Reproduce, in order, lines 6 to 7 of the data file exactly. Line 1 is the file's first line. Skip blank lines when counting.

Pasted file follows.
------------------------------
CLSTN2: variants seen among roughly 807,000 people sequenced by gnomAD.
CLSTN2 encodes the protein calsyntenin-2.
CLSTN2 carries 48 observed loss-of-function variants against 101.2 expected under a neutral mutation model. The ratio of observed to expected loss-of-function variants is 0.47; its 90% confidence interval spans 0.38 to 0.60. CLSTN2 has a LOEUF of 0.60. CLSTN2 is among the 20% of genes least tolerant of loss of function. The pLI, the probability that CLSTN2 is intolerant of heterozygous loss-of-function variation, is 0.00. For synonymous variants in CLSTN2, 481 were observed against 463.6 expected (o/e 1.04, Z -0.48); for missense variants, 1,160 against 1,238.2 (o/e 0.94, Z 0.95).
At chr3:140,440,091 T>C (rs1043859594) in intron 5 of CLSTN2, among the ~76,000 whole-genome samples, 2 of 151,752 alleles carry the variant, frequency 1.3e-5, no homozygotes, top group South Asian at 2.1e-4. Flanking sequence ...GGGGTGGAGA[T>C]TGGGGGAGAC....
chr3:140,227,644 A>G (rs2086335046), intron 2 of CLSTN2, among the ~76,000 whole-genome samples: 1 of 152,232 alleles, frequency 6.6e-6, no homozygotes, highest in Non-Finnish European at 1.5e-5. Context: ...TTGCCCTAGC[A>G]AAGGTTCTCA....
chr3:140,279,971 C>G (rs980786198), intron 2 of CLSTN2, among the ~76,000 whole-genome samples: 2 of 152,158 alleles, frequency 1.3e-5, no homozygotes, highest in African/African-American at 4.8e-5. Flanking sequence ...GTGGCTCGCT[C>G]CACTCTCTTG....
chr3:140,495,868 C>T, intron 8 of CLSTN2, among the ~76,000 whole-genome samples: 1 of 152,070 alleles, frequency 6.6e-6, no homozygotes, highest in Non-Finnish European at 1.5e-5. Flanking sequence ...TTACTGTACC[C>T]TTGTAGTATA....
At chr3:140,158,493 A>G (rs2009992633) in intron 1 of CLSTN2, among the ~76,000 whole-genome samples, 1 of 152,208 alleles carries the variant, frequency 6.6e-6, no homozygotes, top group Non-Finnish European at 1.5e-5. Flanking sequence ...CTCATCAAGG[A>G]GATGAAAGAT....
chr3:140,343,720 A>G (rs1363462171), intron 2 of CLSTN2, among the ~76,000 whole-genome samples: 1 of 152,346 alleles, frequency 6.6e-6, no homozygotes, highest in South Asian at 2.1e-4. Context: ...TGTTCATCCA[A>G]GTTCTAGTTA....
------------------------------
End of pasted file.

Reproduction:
chr3:140,279,971 C>G (rs980786198), intron 2 of CLSTN2, among the ~76,000 whole-genome samples: 2 of 152,158 alleles, frequency 1.3e-5, no homozygotes, highest in African/African-American at 4.8e-5. Flanking sequence ...GTGGCTCGCT[C>G]CACTCTCTTG....
chr3:140,495,868 C>T, intron 8 of CLSTN2, among the ~76,000 whole-genome samples: 1 of 152,070 alleles, frequency 6.6e-6, no homozygotes, highest in Non-Finnish European at 1.5e-5. Flanking sequence ...TTACTGTACC[C>T]TTGTAGTATA....